[To clarify: “Traditional Soteriology” is defined as the position that the earliest church fathers held to…a position that recognizes the sovereignty of God over all things and that beneath that sovereignty God has given to man the ability and culpability for their response to him. This position is defended in Salvation Through the Eyes of a Prodigal - a defense of traditional soteriology.]

So let’s dig in and try to understand the context of the passage and an accurate interpretation of this passage!

Here we go!!

Does Romans 9 teach Calvinism? This seems like a simple question…with a simple answer. But simple doesn’t always mean easy. In this extensive article we are going to lay the foundation for a proper contextual understanding of Romans 9.

No book in the Bible is discussed more (in the context of salvation) than Romans…and no chapter is brought up more in our modern discussions than Romans 9. Romans is Paul’s defense of the Gospel…so it makes sense that we would turn to Romans for a deeper understanding of the gospel…what salvation really is and how it is transmitted from God to man.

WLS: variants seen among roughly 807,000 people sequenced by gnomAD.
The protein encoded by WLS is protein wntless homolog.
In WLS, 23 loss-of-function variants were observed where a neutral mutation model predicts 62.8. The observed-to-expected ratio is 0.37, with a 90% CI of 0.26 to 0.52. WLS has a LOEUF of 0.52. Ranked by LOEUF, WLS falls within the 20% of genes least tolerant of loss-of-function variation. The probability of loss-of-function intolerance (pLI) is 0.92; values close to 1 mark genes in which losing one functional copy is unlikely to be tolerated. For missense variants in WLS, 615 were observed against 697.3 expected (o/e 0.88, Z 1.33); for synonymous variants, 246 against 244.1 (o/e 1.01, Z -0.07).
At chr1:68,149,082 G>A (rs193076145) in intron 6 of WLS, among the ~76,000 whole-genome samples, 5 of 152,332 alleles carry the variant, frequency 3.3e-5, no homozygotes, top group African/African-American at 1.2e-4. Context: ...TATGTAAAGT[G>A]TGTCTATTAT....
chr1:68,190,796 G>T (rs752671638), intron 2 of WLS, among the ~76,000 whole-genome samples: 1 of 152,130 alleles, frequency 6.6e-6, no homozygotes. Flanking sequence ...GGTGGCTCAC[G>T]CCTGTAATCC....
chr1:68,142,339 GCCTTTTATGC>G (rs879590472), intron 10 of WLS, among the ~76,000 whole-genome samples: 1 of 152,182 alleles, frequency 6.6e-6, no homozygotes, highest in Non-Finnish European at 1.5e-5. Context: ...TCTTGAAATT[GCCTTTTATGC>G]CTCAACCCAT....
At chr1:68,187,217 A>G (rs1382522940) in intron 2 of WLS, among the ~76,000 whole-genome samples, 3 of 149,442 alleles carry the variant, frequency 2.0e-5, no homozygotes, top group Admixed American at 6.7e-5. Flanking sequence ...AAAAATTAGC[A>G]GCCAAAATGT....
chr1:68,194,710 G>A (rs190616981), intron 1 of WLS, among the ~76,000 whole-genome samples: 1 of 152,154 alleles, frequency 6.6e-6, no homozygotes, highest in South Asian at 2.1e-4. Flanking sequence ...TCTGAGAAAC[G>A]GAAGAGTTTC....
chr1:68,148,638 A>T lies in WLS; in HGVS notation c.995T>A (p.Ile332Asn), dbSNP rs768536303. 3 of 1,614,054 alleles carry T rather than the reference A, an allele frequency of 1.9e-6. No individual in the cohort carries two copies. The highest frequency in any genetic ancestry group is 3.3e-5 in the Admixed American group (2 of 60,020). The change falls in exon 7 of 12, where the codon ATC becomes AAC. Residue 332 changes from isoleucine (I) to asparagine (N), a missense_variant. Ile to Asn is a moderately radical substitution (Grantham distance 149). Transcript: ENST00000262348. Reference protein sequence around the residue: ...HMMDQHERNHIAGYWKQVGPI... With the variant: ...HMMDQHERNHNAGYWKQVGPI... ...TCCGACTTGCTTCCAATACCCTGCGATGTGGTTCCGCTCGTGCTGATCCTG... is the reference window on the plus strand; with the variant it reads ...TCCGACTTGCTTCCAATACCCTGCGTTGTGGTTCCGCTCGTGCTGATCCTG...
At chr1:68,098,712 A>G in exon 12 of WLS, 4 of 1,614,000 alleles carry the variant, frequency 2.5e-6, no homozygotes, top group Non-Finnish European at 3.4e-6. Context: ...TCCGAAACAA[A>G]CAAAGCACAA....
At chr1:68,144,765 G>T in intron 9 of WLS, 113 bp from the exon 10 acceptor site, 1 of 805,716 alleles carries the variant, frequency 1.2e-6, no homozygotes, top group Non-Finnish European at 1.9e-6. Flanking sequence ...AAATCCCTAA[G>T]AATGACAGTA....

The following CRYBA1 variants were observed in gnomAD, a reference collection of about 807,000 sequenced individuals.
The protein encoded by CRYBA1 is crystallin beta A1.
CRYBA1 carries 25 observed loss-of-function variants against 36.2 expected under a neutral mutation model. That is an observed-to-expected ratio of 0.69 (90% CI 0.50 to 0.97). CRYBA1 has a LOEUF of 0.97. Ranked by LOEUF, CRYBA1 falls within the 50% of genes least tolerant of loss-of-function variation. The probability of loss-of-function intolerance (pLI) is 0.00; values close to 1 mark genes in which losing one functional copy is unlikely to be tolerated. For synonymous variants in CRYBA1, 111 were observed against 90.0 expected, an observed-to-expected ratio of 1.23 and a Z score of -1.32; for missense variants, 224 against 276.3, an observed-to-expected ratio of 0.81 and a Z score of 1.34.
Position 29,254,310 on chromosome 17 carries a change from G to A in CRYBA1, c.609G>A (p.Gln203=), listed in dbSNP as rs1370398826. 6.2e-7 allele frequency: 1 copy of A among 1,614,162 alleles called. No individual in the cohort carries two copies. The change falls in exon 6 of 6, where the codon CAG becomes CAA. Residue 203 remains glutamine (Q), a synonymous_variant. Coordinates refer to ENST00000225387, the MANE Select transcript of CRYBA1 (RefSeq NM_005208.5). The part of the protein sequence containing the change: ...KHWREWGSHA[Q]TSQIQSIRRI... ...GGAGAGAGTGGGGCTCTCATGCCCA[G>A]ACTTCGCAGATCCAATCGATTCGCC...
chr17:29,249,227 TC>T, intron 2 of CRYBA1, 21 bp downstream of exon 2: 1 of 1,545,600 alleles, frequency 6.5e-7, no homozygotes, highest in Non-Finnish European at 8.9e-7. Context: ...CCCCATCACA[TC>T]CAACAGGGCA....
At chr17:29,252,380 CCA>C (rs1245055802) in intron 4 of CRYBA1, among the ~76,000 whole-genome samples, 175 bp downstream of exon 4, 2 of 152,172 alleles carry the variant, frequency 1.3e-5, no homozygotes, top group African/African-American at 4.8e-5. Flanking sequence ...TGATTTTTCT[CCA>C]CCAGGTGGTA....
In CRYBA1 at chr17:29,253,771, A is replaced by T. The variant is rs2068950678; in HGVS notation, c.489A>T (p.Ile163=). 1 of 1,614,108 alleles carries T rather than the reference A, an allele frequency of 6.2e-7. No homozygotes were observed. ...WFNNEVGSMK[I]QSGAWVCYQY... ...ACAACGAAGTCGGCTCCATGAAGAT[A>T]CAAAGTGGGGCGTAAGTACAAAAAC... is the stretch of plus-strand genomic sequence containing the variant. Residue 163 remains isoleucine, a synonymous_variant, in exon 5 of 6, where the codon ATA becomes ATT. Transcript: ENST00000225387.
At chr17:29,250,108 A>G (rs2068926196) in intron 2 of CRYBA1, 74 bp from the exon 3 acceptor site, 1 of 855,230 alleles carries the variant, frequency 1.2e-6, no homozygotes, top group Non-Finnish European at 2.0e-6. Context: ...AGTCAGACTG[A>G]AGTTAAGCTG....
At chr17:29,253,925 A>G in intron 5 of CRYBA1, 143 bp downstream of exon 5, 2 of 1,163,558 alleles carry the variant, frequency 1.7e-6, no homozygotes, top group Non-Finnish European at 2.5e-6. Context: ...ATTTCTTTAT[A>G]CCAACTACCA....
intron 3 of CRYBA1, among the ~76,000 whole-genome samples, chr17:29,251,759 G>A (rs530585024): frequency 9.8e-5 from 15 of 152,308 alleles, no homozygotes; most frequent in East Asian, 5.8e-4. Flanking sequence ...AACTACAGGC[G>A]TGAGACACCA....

However, to say there is disagreement on how to interpret Romans 9 would be an understatement.

Romans 9 is full of verses that are used on all sides of the Soteriological spectrum to “say” different things. Consider these favorites!

Romans 9:13 As it is written, Jacob have I loved, but Esau have I hated.

Romans 9:15 I will have mercy on whom I will have mercy

Romans 9:20 Who art thou that replies against God?

Romans 9:21 vessels unto honor, and vessels unto dishonor

Romans 9:22 - vessels of wrath fitted for destruction

1. One interpretation states that that Romans 9 stands as an illustration of the power of the gospel from Romans 1-8…a continued thought.